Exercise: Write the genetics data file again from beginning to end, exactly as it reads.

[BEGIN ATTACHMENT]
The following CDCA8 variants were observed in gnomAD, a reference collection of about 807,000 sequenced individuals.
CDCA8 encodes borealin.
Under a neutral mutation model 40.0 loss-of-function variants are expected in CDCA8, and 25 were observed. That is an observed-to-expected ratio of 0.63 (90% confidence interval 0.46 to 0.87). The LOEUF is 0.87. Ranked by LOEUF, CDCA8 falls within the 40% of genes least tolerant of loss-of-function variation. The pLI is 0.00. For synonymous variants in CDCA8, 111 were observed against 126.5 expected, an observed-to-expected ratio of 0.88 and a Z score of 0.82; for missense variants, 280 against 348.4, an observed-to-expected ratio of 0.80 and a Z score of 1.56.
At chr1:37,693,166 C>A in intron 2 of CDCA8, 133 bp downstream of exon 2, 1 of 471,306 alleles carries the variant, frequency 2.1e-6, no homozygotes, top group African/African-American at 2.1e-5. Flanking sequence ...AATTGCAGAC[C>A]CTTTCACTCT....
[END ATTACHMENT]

The following CDCA8 variants were observed in gnomAD, a reference collection of about 807,000 sequenced individuals.
CDCA8 encodes borealin.
Under a neutral mutation model 40.0 loss-of-function variants are expected in CDCA8, and 25 were observed. That is an observed-to-expected ratio of 0.63 (90% confidence interval 0.46 to 0.87). The LOEUF is 0.87. Ranked by LOEUF, CDCA8 falls within the 40% of genes least tolerant of loss-of-function variation. The pLI is 0.00. For synonymous variants in CDCA8, 111 were observed against 126.5 expected, an observed-to-expected ratio of 0.88 and a Z score of 0.82; for missense variants, 280 against 348.4, an observed-to-expected ratio of 0.80 and a Z score of 1.56.
At chr1:37,693,166 C>A in intron 2 of CDCA8, 133 bp downstream of exon 2, 1 of 471,306 alleles carries the variant, frequency 2.1e-6, no homozygotes, top group African/African-American at 2.1e-5. Flanking sequence ...AATTGCAGAC[C>A]CTTTCACTCT....